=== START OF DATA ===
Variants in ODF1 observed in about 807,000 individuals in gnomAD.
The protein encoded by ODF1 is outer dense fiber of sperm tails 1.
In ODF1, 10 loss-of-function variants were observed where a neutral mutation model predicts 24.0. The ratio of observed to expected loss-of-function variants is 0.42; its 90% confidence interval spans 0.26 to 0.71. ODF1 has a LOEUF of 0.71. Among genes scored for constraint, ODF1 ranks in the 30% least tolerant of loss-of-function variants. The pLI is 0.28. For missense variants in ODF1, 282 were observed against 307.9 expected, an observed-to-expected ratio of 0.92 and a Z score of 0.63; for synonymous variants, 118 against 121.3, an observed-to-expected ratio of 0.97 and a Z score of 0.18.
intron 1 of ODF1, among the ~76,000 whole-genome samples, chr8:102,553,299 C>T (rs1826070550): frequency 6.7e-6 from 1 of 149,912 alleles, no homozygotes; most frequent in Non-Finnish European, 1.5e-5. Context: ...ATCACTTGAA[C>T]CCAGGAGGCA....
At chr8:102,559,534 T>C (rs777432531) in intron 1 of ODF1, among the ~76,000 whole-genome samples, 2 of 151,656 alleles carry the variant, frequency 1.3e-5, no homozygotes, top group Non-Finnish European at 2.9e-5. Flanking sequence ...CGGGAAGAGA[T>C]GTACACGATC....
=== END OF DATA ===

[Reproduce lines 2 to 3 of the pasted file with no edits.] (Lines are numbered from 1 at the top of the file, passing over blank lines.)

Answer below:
The protein encoded by ODF1 is outer dense fiber of sperm tails 1.
In ODF1, 10 loss-of-function variants were observed where a neutral mutation model predicts 24.0. The ratio of observed to expected loss-of-function variants is 0.42; its 90% confidence interval spans 0.26 to 0.71. ODF1 has a LOEUF of 0.71. Among genes scored for constraint, ODF1 ranks in the 30% least tolerant of loss-of-function variants. The pLI is 0.28. For missense variants in ODF1, 282 were observed against 307.9 expected, an observed-to-expected ratio of 0.92 and a Z score of 0.63; for synonymous variants, 118 against 121.3, an observed-to-expected ratio of 0.97 and a Z score of 0.18.